Tuesday, July 27, 2010

Joan's Way of Life

Have you ever watched a Joan Crawford movie and noticed that inevitably, one of the film's characters- with a straight face, mind you- will describe Joan's character as being "a fine looking woman", "beautiful", even "gorgeous". Well, it always leaves me thinking "Really?...Really?". Because let's face it, Joan really wasn't very attractive. Oh, I know that beauty is in the eye of the beholder, but I think that describing Joan as beautiful is pushing it. Really pushing it. But, Joan was a real piece of work, so if Joan asked (or even demanded) that her character be beautiful, well, who dared argue with her? I sure as heck wouldn't. I'd say whatever she wanted me to.

This observation of mine- made at 5:30 yesterday morning while trying to sleep- led me to my bookshelf where I pulled down one of my all-time favorite works of high camp: Joan's 1971 how-to guide
My Way of Life. Don't let the price dissuade you from buying it. It is totally worth it to read Joan's advice on raising children (yes, child rearing advice from the woman who beat her daughter with a wire hanger), beauty (I think I covered that in the first paragraph of this post), housekeeping and decorating, and taking care of one's husband. I say husband rather than man or male companion because in Joan's world, a woman had to have a husband. You had to close the deal and make it to the finish line of marriage or otherwise you were, God forbid, not a "complete woman". And speaking of husbands, did you know that you should "never let your husband see you exercising. No woman rolling around on the floor looks really adorable after she's passed her third birthday." I didn't realize that either.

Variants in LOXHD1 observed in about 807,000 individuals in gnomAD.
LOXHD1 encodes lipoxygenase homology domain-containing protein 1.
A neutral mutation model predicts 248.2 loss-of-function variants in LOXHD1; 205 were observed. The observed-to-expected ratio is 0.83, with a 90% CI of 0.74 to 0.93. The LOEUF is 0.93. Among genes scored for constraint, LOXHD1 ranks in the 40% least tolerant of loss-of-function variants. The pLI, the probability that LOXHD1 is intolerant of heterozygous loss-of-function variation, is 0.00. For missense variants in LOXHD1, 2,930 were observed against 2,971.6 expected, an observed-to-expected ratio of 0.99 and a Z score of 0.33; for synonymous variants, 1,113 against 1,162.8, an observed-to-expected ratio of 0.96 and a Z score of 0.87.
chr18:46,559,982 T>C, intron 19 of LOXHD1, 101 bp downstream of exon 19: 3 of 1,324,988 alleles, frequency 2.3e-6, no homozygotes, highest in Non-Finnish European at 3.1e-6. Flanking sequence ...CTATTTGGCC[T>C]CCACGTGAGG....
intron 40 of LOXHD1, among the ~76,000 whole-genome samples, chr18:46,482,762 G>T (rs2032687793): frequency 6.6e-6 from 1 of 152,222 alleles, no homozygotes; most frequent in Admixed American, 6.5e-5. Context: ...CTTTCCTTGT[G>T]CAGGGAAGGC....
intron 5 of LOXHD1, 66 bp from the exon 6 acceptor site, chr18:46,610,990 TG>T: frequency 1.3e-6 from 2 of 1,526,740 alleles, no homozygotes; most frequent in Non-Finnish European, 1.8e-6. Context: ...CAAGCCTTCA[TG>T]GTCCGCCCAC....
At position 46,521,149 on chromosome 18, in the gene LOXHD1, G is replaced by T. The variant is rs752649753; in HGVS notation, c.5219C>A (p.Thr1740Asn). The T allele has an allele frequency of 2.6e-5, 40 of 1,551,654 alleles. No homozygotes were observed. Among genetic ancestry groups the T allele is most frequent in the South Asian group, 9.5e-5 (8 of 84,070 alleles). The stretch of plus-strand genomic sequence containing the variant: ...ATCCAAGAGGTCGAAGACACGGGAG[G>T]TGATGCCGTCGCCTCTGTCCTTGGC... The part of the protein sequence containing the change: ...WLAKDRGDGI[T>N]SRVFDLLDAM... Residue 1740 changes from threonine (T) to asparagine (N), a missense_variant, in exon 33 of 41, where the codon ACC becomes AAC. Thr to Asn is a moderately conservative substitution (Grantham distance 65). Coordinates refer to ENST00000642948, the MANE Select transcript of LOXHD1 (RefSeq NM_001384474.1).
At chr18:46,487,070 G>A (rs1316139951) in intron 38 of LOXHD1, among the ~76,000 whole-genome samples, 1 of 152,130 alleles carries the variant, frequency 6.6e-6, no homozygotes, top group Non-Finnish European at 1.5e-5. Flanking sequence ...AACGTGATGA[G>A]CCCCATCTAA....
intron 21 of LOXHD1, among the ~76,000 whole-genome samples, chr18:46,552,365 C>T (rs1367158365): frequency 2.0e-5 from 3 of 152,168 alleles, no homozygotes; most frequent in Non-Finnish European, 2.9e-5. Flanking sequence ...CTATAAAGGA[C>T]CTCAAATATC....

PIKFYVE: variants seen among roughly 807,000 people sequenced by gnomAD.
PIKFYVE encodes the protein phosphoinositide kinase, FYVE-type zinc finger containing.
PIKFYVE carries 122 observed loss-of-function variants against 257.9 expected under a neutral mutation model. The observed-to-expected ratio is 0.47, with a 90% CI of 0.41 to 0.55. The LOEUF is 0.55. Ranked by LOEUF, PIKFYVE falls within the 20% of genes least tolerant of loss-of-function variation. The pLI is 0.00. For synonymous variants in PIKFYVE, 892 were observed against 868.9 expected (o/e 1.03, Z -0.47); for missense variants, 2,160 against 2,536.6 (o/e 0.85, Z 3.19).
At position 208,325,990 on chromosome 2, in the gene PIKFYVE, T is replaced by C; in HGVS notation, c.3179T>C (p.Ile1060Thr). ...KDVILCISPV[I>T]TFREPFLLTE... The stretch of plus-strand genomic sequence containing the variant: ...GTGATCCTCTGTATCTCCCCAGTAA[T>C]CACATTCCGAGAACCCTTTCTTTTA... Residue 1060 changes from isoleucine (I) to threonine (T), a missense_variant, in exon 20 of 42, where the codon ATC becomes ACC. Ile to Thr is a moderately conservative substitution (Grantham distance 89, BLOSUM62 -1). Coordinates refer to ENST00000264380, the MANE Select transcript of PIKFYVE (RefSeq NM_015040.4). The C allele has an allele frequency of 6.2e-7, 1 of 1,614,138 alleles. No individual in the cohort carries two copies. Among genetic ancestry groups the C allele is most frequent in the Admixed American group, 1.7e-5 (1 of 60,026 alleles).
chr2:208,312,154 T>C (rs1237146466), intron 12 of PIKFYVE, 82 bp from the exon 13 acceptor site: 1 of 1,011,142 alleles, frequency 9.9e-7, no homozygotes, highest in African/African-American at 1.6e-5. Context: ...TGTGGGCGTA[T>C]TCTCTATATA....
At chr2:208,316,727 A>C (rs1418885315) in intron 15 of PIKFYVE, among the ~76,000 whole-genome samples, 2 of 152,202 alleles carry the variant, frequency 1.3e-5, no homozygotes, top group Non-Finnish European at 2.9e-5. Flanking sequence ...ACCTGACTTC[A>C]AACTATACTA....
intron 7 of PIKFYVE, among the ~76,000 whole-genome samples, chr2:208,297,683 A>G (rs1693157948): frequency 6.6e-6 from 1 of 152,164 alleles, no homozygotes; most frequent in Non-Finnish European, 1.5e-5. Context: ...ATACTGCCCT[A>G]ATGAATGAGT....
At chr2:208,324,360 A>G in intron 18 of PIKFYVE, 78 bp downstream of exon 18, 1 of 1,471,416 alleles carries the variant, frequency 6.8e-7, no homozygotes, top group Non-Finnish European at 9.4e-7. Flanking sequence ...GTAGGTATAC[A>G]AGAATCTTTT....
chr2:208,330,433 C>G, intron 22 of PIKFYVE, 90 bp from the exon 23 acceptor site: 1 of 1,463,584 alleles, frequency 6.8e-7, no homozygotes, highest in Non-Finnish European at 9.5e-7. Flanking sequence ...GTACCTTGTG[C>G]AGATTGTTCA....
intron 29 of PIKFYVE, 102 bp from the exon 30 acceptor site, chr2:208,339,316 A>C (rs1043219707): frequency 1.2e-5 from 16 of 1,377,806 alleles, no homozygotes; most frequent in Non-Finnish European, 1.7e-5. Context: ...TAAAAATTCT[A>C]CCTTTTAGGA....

So seeing that this is a design blog, I'm going to extract some of Joan's decorating tidbits from the book. Taking decorating advice from a woman who covered her furniture in plastic slipcovers is a bit risky. (Carleton Varney, Joan's decorator in the 1960s and 70s, once wrote "Joan had more plastic on her furniture than was used at the meat counter in an A&P supermarket.) Still, I have to admit that much of what she said makes sense to me. I think that she was more down to earth when it came to her home than she was with her beauty tips: "Organize a beauty club. The best thing about the club is getting down on the floor with half a dozen other women...and seeing if you can improve faster than anyone else." Now that sounds like Joan to me.

Joan's Take on Decorating:

A good marriage deserves a lovely background.

I think the first gay, happy things I ever bought for myself were chintz curtains. But the place got so damned busy that it made me dizzy- too many patterns have the same effect on me as those very tiny mosaic tiles you sometimes see in public places, especially in airports. Judy Garland used to get so seasick looking at them that she had to be carried out of the area with her eyes shut tight.